Serial killer nurse Lucy Letby today launched an appeal against her convictions.
The 33-year-old – who was last month sentenced to life in prison for the murder of seven babies and the attempted murder of six others – is expected to launch her bid to clear her name at a court hearing later this month.
But a full review of his appeal is unlikely to take place for several months.
Letby, originally from Hereford, was convicted of attacking babies in the neonatal unit at the Countess of Chester Hospital in 2015 and 2016.
She denied all offenses and refused to attend her sentencing at Manchester Crown Court.
Letby’s candidacy comes after a scientist launched a fundraising campaign claiming the case against her was based on “unreliable expert advice” and a “poor understanding” of science.
California-based Sarrita Adams, who describes herself as a scientific consultant to biotech start-ups, leads a group called Science on Trial. The group says Letby’s conviction “could represent the biggest miscarriage of justice the UK has witnessed”.
Children’s nurse Lucy Letby (pictured in a custody photo) was last month given 14 life orders
Letby went on a year-long killing spree at the Countess of Chester Hospital
She was cleared of two counts of attempted murder.
However, the jury was unable to reach a verdict on six counts of attempted murder involving five children.
The Crown Prosecution Service will announce whether it is seeking a retrial on these charges at a hearing scheduled to take place in Manchester on September 25.
Letby is now expected to use this hearing to formally launch an appeal against his convictions.
Letby is seeking to appeal all crimes for which she was convicted, the court confirmed.
Anyone convicted of a crime has 28 days to apply for permission to appeal – the 28-day deadline from the latest verdicts in Letby’s trial would have expired today.
A judge will now review Letby’s request and decide whether to grant permission to appeal.
If permission was granted, the appeal would be heard by three senior judges.
If his request for leave to appeal is rejected, Letby can still renew his request before a panel of two or three judges.
For an appeal to be heard, it is necessary to demonstrate that there are grounds to support that the conviction is dangerous.
If the judges agree, they can overturn the conviction and order a new trial.
Last month, Letby’s “best friend” Janet Cox, who worked alongside her in the neonatal unit, told the Mail she still believed the nurse was innocent.
Artist’s impression of a relative of one of Letby’s victims reading a victim impact statement as Judge Goss looks on.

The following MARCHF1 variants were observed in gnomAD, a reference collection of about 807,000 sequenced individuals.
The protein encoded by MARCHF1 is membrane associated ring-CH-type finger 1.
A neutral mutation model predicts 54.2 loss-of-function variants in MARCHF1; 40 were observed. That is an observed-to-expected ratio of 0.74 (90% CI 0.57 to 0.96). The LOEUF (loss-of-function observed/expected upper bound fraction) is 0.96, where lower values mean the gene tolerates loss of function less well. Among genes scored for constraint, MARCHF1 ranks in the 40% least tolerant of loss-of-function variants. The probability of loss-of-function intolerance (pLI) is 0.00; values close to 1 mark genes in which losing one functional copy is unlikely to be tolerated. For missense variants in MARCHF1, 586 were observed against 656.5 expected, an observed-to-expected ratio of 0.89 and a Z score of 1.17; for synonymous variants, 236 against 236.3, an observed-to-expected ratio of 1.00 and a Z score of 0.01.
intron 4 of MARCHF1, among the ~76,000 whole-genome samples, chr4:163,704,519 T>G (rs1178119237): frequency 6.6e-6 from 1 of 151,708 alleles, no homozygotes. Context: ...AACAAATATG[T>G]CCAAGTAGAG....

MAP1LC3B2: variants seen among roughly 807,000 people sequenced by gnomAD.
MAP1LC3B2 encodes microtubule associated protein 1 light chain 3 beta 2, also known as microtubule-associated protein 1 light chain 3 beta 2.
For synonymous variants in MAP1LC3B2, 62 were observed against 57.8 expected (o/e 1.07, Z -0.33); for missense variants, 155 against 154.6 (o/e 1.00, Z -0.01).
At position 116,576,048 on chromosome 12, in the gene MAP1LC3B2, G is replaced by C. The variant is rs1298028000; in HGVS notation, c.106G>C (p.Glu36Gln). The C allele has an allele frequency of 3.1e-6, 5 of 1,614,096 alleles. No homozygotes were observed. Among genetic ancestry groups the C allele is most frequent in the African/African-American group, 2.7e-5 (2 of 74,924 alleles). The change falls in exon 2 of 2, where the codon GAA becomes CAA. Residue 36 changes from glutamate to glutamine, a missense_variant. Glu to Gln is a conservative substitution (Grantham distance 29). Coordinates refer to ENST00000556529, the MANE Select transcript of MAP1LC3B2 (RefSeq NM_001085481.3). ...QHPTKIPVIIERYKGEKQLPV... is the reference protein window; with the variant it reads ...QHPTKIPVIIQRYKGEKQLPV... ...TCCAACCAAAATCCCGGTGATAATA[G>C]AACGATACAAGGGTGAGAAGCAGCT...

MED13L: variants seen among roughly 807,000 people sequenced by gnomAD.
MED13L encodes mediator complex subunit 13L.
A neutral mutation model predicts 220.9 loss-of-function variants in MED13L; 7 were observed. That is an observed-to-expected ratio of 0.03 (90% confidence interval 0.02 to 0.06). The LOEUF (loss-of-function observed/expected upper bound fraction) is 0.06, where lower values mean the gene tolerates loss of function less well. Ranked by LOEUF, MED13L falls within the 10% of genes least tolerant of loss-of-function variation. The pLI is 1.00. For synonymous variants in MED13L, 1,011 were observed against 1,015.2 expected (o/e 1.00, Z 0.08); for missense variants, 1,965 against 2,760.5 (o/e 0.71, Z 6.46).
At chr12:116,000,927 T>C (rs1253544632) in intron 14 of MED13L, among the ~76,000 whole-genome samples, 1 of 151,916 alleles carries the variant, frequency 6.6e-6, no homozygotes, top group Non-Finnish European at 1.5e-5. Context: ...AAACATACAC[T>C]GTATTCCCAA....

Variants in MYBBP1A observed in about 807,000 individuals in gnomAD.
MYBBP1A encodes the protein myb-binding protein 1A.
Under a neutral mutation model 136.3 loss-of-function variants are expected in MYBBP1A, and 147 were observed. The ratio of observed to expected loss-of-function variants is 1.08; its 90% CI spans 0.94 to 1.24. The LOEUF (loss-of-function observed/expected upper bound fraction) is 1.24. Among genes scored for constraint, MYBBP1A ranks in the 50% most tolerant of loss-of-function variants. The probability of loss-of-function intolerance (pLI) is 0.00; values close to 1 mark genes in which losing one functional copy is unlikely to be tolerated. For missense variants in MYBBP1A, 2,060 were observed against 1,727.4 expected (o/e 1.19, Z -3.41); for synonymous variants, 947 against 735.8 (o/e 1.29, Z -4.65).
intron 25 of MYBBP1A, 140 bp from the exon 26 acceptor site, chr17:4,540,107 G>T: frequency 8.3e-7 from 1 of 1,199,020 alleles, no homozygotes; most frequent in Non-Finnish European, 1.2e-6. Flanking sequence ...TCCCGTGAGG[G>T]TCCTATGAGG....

Letby’s parents, Susan, 63, and John, 77, were present every day at his trial but were not present during the sentencing.
The judicial ministry said it had received a request from its legal team.
“I can confirm that an application for leave to appeal the conviction has been received in the case of Lucy Letby,” a spokesperson said.
Letby’s attorney, Richard Thomas, declined to comment today.
The Health Ministry previously said an independent investigation would be conducted into Letby’s case. It will examine “the circumstances surrounding the deaths and incidents, including how concerns raised by clinicians were addressed”.
The Office of Criminal Appeals said it could not provide any information on the grounds of the appeal. No court hearings have yet been officially listed, the judicial ministry said.
Last week it was announced that one of the country’s most senior judges, Lady Justice Thirlwall, would lead the investigation into Letby’s crimes.
Health Secretary Steve Barclay told MPs that Judge Thirlwall, who currently sits on the Court of Appeal, was a judge and barrister “with many years of experience”.
The inquiry will have the legal power to compel witnesses, including current and former members of staff at the Countess of Chester Hospital NHS Foundation Trust, to provide evidence.
Letby became only the fourth woman in UK history to be sentenced to life.
Life sentences are the harshest punishment available in the country’s criminal justice system and are reserved for those who commit the most heinous crimes.
As the most prolific child serial killer in modern British history, the 33-year-old was convicted after prosecutor Nicholas Johnson KC told the court his offending was a “very, very clear case » for a life sentence. .
The nurse joins a string of the country’s most dangerous offenders who face dying behind bars, including Sarah Everard’s killer Wayne Couzens, necrophiliac David Fuller and homegrown terrorist Ali Harbi Ali who murdered MP Sir David A mess.
A total of 70 criminals are serving life sentences, four of whom are being held in secure hospitals. Their release will never be considered, unless exceptional humanitarian reasons justify it.
Only three other women have faced such punishment: the girlfriend of Moorish murderer Ian Brady, Myra Hindley – who died in 2002 – and serial killers Rose West and Joanna Dennehy.